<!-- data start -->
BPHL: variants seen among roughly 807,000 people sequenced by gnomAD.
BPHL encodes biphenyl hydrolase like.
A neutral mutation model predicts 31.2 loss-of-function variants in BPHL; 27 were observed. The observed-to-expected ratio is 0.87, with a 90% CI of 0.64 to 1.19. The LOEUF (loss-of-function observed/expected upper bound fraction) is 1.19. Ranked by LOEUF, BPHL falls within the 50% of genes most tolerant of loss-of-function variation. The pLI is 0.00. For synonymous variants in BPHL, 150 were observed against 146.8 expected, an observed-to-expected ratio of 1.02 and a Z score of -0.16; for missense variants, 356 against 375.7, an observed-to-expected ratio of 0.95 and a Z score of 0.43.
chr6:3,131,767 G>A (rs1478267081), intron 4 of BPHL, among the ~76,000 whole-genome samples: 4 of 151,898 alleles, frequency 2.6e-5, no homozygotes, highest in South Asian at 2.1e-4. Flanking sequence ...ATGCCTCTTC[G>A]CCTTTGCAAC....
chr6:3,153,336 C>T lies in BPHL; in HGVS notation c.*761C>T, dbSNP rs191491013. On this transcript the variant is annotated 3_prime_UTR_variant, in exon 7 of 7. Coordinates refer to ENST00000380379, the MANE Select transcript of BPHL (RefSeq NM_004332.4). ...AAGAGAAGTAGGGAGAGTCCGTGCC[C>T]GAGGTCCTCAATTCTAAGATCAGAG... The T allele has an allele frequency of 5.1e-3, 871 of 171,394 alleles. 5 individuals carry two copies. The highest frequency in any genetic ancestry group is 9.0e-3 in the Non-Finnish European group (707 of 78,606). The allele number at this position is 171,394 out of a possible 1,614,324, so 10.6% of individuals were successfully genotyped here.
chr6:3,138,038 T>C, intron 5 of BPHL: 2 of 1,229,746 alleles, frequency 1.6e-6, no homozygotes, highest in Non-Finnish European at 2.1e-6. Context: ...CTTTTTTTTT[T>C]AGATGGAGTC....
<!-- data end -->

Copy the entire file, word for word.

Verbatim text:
BPHL: variants seen among roughly 807,000 people sequenced by gnomAD.
BPHL encodes biphenyl hydrolase like.
A neutral mutation model predicts 31.2 loss-of-function variants in BPHL; 27 were observed. The observed-to-expected ratio is 0.87, with a 90% CI of 0.64 to 1.19. The LOEUF (loss-of-function observed/expected upper bound fraction) is 1.19. Ranked by LOEUF, BPHL falls within the 50% of genes most tolerant of loss-of-function variation. The pLI is 0.00. For synonymous variants in BPHL, 150 were observed against 146.8 expected, an observed-to-expected ratio of 1.02 and a Z score of -0.16; for missense variants, 356 against 375.7, an observed-to-expected ratio of 0.95 and a Z score of 0.43.
chr6:3,131,767 G>A (rs1478267081), intron 4 of BPHL, among the ~76,000 whole-genome samples: 4 of 151,898 alleles, frequency 2.6e-5, no homozygotes, highest in South Asian at 2.1e-4. Flanking sequence ...ATGCCTCTTC[G>A]CCTTTGCAAC....
chr6:3,153,336 C>T lies in BPHL; in HGVS notation c.*761C>T, dbSNP rs191491013. On this transcript the variant is annotated 3_prime_UTR_variant, in exon 7 of 7. Coordinates refer to ENST00000380379, the MANE Select transcript of BPHL (RefSeq NM_004332.4). ...AAGAGAAGTAGGGAGAGTCCGTGCC[C>T]GAGGTCCTCAATTCTAAGATCAGAG... The T allele has an allele frequency of 5.1e-3, 871 of 171,394 alleles. 5 individuals carry two copies. The highest frequency in any genetic ancestry group is 9.0e-3 in the Non-Finnish European group (707 of 78,606). The allele number at this position is 171,394 out of a possible 1,614,324, so 10.6% of individuals were successfully genotyped here.
chr6:3,138,038 T>C, intron 5 of BPHL: 2 of 1,229,746 alleles, frequency 1.6e-6, no homozygotes, highest in Non-Finnish European at 2.1e-6. Context: ...CTTTTTTTTT[T>C]AGATGGAGTC....